Simple Retina Test Could Accurately Distinguish Autism From ADHD

Autism and ADHD are becoming better understood, but clinicians can still find the two conditions difficult to tell apart.

Now, South Australian researchers say they’ve identified biomarkers that could allow these two conditions to be diagnosed and distinguished from one another using a simple eye test.

They’re very different conditions, but they sometimes overlap, and in many cases the behaviors involved look the same, making it hard to differentiate between the two conditions and put kids on the right treatment paths.

Finders University research optometrist Dr. Paul Constable has been working on detecting Autism through retinal scanning for many years now – we last wrote about his work in 2019.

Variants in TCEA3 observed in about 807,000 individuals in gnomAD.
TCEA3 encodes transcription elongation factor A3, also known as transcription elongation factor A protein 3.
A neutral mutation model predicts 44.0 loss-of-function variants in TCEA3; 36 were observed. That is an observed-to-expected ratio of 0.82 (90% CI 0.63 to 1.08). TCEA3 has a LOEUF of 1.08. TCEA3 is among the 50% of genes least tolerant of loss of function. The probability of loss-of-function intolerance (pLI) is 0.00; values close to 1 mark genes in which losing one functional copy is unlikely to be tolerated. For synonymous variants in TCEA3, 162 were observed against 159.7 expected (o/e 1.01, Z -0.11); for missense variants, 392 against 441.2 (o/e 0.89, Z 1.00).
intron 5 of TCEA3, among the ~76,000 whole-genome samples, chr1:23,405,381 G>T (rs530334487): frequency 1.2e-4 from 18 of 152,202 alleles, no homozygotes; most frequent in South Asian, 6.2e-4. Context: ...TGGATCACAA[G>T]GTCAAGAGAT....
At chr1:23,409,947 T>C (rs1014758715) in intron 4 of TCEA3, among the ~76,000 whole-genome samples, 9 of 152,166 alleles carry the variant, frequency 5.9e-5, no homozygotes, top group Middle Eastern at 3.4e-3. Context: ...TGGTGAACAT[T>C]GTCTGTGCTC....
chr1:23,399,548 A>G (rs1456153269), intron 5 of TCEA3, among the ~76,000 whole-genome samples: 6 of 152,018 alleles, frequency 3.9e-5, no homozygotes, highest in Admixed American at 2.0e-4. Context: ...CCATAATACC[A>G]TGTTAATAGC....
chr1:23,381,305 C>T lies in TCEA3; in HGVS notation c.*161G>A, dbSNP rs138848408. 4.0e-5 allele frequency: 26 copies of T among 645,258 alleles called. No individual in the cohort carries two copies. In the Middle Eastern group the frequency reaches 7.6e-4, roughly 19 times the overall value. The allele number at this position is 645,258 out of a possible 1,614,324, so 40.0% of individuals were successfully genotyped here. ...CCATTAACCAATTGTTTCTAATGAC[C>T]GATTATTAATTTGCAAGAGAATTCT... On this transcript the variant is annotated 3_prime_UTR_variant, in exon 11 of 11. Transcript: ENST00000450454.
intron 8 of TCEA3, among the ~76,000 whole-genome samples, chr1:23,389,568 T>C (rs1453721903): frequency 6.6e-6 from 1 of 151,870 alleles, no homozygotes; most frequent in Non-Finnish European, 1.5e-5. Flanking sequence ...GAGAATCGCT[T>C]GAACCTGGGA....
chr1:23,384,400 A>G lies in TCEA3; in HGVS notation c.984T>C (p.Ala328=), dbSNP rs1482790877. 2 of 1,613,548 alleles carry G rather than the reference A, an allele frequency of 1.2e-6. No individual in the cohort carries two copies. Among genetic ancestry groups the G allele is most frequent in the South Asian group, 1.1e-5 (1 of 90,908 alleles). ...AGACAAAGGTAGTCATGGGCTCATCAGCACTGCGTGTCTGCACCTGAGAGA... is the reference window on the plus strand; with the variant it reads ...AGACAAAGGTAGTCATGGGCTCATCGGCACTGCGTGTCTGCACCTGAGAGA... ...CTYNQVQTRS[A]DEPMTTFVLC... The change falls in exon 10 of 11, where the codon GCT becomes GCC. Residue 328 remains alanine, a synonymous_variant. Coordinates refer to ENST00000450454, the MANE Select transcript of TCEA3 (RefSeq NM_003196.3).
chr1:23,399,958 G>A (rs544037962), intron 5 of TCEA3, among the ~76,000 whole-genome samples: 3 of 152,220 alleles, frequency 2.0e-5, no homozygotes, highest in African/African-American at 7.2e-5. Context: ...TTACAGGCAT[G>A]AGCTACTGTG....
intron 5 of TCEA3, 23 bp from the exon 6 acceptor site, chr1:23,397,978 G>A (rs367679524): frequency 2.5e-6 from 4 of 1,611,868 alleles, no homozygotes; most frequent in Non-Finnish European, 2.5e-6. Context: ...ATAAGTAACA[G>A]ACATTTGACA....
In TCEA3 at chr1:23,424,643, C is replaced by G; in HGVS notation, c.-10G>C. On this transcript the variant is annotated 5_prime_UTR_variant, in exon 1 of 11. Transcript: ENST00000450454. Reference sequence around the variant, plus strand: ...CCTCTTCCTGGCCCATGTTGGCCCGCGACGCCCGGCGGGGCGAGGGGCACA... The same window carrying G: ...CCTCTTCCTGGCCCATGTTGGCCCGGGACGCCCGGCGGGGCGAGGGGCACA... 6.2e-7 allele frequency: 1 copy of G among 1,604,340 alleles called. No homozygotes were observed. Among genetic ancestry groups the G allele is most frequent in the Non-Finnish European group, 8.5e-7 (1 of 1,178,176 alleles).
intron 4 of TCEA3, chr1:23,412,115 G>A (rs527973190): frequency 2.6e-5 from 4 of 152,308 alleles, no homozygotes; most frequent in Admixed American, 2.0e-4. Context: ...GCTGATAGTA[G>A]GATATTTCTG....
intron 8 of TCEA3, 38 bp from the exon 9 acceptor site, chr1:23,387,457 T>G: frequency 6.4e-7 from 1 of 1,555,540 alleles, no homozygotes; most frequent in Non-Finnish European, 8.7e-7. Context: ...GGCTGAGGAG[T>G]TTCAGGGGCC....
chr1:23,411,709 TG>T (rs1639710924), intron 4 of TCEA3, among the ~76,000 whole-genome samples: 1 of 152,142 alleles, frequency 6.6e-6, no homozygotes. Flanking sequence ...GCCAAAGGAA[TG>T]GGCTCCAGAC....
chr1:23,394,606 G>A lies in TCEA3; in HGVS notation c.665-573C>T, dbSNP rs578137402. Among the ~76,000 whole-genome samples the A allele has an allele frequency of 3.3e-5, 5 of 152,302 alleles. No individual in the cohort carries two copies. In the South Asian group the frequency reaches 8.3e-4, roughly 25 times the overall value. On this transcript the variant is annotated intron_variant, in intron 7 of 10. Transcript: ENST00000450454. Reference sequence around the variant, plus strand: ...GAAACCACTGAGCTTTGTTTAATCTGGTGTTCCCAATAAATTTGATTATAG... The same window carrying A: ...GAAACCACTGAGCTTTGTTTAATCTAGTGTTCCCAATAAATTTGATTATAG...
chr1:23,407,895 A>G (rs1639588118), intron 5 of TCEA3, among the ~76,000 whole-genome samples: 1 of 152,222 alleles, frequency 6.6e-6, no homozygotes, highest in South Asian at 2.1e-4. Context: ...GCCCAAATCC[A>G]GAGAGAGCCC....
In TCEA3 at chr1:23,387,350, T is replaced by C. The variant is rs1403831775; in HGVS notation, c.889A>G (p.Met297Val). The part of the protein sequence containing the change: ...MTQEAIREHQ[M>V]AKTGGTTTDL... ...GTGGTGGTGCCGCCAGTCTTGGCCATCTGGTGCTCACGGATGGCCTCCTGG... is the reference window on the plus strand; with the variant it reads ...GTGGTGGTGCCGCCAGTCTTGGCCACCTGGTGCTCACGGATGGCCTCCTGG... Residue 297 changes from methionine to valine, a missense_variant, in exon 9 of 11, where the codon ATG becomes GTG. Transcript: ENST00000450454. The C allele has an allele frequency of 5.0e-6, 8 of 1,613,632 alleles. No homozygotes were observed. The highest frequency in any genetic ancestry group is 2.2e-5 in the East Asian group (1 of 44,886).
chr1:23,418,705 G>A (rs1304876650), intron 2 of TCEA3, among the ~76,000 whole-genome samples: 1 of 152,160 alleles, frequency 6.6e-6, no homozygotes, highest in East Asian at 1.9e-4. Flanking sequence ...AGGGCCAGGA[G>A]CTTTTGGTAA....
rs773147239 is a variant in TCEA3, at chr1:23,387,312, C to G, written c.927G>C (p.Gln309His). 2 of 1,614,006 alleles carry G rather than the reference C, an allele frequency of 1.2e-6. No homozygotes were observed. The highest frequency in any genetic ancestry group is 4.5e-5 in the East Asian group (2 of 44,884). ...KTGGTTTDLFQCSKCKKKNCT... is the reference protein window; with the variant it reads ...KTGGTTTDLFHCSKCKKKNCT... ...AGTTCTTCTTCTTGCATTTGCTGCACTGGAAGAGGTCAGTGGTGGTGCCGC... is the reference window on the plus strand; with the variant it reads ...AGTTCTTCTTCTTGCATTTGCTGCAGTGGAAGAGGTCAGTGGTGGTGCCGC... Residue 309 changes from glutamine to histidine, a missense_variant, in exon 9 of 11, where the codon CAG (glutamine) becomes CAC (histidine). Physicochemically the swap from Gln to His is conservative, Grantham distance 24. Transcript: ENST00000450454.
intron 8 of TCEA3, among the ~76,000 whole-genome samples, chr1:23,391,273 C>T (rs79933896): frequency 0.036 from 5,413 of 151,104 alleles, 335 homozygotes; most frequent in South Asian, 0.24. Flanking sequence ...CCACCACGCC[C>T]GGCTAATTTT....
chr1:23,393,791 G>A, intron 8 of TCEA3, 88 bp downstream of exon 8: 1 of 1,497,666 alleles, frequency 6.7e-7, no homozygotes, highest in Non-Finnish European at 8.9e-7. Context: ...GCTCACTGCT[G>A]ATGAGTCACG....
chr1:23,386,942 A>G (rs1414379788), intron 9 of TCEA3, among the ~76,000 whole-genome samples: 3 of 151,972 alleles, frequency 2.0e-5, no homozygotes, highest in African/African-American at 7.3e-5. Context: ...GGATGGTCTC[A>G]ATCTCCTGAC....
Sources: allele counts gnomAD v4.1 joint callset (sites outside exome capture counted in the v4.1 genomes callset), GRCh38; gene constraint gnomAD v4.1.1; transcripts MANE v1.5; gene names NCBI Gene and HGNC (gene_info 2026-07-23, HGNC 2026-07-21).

In a new paper published in the journal Frontiers in Neuroscience, Constable and a team from the University of South Australia, McGill University, Montreal, University College London and the Great Ormond Street Hospital in the UK say they’ve found a particular electroretinogram signal that can not only be used to separate ADHD and autism cases from control cases, but to clearly distinguish between the two conditions.

Significant differences were found between control subjects, ASD patients and ADHD patients in b-wave energy levels and oscillatory potentials, with ADHD patients showing high overall ERG energy levels and ASD patients showing lower overall ERG energy levels than control patients.

“Retinal signals have specific nerves that generate them, so if we can identify these differences and localize them to specific pathways that use different chemical signals that are also used in the brain, then we can show distinct differences for children with ADHD and ASD and potentially other neurodevelopmental conditions,” said Constable.